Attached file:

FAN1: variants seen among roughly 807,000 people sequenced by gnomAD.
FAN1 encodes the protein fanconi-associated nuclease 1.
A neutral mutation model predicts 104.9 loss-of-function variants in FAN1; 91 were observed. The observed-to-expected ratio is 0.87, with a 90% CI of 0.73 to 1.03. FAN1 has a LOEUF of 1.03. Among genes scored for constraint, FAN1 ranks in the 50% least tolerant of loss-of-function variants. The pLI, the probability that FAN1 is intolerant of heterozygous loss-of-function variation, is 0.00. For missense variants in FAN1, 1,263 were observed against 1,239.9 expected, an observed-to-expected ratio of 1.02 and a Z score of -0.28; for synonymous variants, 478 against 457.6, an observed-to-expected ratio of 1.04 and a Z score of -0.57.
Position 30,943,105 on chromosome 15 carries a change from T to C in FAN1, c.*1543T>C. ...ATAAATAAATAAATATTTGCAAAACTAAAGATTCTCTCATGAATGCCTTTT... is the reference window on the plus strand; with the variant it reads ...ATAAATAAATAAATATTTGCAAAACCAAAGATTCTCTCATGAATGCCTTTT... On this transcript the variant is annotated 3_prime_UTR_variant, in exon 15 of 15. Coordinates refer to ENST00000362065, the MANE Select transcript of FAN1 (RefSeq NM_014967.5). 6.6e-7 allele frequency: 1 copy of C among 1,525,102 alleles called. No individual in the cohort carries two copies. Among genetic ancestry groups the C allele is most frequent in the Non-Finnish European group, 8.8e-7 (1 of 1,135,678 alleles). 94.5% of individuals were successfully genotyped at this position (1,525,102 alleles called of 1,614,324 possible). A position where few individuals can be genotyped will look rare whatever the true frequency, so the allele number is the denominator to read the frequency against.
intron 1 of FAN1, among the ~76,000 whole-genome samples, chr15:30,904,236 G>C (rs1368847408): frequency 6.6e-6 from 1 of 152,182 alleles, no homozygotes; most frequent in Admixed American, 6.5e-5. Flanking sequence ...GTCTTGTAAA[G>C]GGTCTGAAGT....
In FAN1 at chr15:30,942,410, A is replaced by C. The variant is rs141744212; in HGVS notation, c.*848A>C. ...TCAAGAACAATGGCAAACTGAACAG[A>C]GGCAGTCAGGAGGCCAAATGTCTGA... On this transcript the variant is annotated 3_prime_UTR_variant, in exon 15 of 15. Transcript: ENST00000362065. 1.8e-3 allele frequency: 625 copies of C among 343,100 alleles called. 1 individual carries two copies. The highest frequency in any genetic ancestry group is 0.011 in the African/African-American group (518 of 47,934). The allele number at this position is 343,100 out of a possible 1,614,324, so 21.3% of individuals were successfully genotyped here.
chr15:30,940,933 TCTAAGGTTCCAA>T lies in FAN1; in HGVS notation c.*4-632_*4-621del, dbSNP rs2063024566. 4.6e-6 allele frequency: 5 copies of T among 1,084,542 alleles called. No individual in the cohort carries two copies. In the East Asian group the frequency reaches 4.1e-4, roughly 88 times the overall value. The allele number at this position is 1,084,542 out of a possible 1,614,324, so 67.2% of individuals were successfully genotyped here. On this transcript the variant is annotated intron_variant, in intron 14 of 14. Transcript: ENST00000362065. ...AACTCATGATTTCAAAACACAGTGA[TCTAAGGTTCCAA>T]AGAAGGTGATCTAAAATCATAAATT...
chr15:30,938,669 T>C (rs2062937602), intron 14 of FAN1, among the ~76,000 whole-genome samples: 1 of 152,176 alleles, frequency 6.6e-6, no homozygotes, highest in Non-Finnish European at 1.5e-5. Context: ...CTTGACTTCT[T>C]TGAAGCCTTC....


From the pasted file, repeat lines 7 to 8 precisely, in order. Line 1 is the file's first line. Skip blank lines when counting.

chr15:30,940,933 TCTAAGGTTCCAA>T lies in FAN1; in HGVS notation c.*4-632_*4-621del, dbSNP rs2063024566. 4.6e-6 allele frequency: 5 copies of T among 1,084,542 alleles called. No individual in the cohort carries two copies. In the East Asian group the frequency reaches 4.1e-4, roughly 88 times the overall value. The allele number at this position is 1,084,542 out of a possible 1,614,324, so 67.2% of individuals were successfully genotyped here. On this transcript the variant is annotated intron_variant, in intron 14 of 14. Transcript: ENST00000362065. ...AACTCATGATTTCAAAACACAGTGA[TCTAAGGTTCCAA>T]AGAAGGTGATCTAAAATCATAAATT...
chr15:30,938,669 T>C (rs2062937602), intron 14 of FAN1, among the ~76,000 whole-genome samples: 1 of 152,176 alleles, frequency 6.6e-6, no homozygotes, highest in Non-Finnish European at 1.5e-5. Context: ...CTTGACTTCT[T>C]TGAAGCCTTC....